clock menu more-arrow no yes mobile

Filed under:

Snapchat CEO Evan Spiegel on being hacked: 'It's not okay that people steal our secrets'

New, 41 comments

Making the case for secrets

One of the least expected companies to take collateral damage in the epic Sony Pictures hack has been Snapchat. CEO Evan Spiegel regularly trades emails with Sony Pictures CEO Michael Lynton, who sits on Snapchat's board, and the revelations from the pair's emails have been spilling out all week. Among them: the company secretly bought a company that makes a Google Glass-like product; it's actively pursuing plans to insert music into the app; and the company turned down a bigger offer from Facebook than the $3 billion originally reported. But there are other revelations in there, too: that Chinese internet company Tencent felt insulted by him during fundraising negotiations, for example, and that he and his co-founder sought to take $40 million for themselves during a fundraising round.

Today Spiegel addressed the revelations in a letter to his employees that he later shared on Twitter. It's a personal, powerful note about the importance of keeping secrets — a theme consistent with his company's app, which famously enables a more private kind of sharing. "We keep secrets because we love surprising people," he wrote. "We keep secrets because we get to do our work free from judgment — until we're ready to share it. We keep secrets because keeping secrets gives you space to change your mind."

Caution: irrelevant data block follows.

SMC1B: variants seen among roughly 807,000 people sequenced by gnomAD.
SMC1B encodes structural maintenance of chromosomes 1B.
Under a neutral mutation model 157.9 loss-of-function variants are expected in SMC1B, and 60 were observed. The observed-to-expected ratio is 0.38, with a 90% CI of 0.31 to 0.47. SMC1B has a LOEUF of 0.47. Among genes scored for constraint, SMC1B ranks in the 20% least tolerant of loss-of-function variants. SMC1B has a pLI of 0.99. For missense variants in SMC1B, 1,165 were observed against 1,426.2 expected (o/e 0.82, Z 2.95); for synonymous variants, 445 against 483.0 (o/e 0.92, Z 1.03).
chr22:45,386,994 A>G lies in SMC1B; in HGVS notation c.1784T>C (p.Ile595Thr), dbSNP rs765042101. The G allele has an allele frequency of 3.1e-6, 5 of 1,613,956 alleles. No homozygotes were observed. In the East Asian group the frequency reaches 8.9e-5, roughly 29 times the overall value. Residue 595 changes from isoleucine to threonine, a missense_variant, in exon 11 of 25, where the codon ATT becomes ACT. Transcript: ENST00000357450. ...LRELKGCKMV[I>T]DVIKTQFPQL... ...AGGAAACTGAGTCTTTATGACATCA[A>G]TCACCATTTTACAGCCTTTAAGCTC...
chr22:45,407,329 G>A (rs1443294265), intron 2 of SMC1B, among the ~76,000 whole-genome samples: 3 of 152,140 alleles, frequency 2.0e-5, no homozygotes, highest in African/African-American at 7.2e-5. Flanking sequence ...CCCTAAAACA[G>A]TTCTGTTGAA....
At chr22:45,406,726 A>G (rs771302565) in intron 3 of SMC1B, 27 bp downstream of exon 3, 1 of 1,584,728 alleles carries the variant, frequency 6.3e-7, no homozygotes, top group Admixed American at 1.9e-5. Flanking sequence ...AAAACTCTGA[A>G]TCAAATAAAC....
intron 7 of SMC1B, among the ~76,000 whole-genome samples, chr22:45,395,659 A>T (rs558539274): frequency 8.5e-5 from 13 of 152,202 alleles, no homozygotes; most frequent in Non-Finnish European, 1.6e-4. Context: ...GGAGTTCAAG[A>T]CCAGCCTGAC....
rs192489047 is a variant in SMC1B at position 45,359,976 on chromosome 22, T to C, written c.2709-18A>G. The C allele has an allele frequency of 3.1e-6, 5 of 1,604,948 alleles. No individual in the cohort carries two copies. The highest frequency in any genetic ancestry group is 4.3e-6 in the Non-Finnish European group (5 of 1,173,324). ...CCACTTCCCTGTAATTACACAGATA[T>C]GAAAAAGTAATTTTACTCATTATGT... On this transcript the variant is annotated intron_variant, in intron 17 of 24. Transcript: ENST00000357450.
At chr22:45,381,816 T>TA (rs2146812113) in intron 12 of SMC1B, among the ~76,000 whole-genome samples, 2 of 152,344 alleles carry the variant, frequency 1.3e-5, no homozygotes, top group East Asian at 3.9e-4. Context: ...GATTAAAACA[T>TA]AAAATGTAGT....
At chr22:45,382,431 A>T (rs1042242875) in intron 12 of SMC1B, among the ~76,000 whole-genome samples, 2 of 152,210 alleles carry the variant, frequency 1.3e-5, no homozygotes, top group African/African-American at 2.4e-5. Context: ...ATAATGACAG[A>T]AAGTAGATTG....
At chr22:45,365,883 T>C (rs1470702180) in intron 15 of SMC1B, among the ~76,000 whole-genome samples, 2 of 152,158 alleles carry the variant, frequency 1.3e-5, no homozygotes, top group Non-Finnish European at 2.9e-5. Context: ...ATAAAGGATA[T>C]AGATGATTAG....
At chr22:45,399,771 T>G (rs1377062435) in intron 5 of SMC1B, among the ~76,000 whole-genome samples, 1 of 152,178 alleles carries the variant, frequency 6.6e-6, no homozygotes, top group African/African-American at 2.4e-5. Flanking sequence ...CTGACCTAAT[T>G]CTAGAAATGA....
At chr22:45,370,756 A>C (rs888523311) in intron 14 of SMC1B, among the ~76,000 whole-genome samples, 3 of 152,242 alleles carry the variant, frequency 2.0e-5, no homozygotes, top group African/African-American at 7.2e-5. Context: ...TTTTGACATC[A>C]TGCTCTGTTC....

"We're going to change the world because this is not the one we want to live in."

Spiegel said the revelations have been personally upsetting — "I felt like I was going to cry all morning," he says. But he said that after giving everyone on his team some time to be upset, that everyone would "keep doing exactly what we were doing. And then we're going to do it 10 times better." He concluded on a bittersweet note: "We're going to change the world because this is not the one we want to live in."

Spiegel's full note is below.